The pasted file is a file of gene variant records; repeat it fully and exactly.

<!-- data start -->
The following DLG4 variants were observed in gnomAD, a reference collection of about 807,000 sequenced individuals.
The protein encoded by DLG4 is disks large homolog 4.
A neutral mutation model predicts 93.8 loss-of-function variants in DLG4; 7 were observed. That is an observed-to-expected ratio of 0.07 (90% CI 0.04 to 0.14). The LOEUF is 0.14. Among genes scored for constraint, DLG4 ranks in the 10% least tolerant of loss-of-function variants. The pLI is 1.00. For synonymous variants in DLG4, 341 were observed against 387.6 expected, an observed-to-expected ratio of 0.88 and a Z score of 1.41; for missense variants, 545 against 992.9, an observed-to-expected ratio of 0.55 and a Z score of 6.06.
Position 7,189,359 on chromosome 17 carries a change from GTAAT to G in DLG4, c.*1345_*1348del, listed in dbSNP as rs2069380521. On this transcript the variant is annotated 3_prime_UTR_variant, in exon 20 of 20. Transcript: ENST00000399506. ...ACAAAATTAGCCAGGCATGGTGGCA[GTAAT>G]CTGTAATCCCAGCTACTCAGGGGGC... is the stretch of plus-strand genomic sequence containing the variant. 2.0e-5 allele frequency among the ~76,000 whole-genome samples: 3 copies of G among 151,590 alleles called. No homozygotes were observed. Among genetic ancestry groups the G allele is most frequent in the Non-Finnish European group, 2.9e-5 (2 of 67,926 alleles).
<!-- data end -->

The following DLG4 variants were observed in gnomAD, a reference collection of about 807,000 sequenced individuals.
The protein encoded by DLG4 is disks large homolog 4.
A neutral mutation model predicts 93.8 loss-of-function variants in DLG4; 7 were observed. That is an observed-to-expected ratio of 0.07 (90% CI 0.04 to 0.14). The LOEUF is 0.14. Among genes scored for constraint, DLG4 ranks in the 10% least tolerant of loss-of-function variants. The pLI is 1.00. For synonymous variants in DLG4, 341 were observed against 387.6 expected, an observed-to-expected ratio of 0.88 and a Z score of 1.41; for missense variants, 545 against 992.9, an observed-to-expected ratio of 0.55 and a Z score of 6.06.
Position 7,189,359 on chromosome 17 carries a change from GTAAT to G in DLG4, c.*1345_*1348del, listed in dbSNP as rs2069380521. On this transcript the variant is annotated 3_prime_UTR_variant, in exon 20 of 20. Transcript: ENST00000399506. ...ACAAAATTAGCCAGGCATGGTGGCA[GTAAT>G]CTGTAATCCCAGCTACTCAGGGGGC... is the stretch of plus-strand genomic sequence containing the variant. 2.0e-5 allele frequency among the ~76,000 whole-genome samples: 3 copies of G among 151,590 alleles called. No homozygotes were observed. Among genetic ancestry groups the G allele is most frequent in the Non-Finnish European group, 2.9e-5 (2 of 67,926 alleles).